Transactions of the Charles S. Peirce Society 44 (2):pp. 346-362 (2008)
AbstractCharles S. Peirce’s theory of proper names bears helpful insights for how we might think about his understanding of persons. Persons, on his view, are continuities, not static objects. I argue that Peirce’s notion of the legisign, particularly proper names, sheds light on the habitual and conventional elements of what it means to be a person. In this paper, I begin with an account of what philosophers of language have said about proper names in order to distinguish Peirce’s theory of proper names from them. Then, I present Peirce’s semiotic theory of proper names, followed by some ways in which his theory can be applied to practical concerns, such as first impressions, name changing, identity, and temporary insanity.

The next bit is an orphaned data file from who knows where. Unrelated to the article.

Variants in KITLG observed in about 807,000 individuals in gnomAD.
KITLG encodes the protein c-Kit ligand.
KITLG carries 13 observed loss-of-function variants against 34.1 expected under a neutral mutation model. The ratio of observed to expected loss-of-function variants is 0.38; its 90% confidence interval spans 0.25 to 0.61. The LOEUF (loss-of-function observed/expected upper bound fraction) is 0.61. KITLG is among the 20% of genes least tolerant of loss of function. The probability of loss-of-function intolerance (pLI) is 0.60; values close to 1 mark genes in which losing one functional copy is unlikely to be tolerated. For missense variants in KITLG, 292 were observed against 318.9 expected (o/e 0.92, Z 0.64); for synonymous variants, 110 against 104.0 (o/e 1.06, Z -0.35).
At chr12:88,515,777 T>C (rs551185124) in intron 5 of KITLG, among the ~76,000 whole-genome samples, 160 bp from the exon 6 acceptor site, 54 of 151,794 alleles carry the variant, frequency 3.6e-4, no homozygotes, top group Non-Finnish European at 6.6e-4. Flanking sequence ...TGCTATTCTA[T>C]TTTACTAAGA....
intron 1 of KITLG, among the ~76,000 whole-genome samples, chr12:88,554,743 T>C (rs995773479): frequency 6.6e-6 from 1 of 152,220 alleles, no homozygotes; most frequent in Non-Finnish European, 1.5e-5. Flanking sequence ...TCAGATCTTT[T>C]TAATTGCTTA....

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Citations of this work
A Peircean Examination of Gettier’s Two Cases.Richard Kenneth Atkins - 2021 - Synthese 199 (5-6):12945-12961.
Peirce's Direct, Non-Reductive Contextual Theory of Names. Agler - 2010 - Transactions of the Charles S. Peirce Society 46 (4):611.
What’s in a Name? The Experience of the Other in Online Classrooms.Cathy Adams - 2014 - Phenomenology and Practice 8 (1):51-67.
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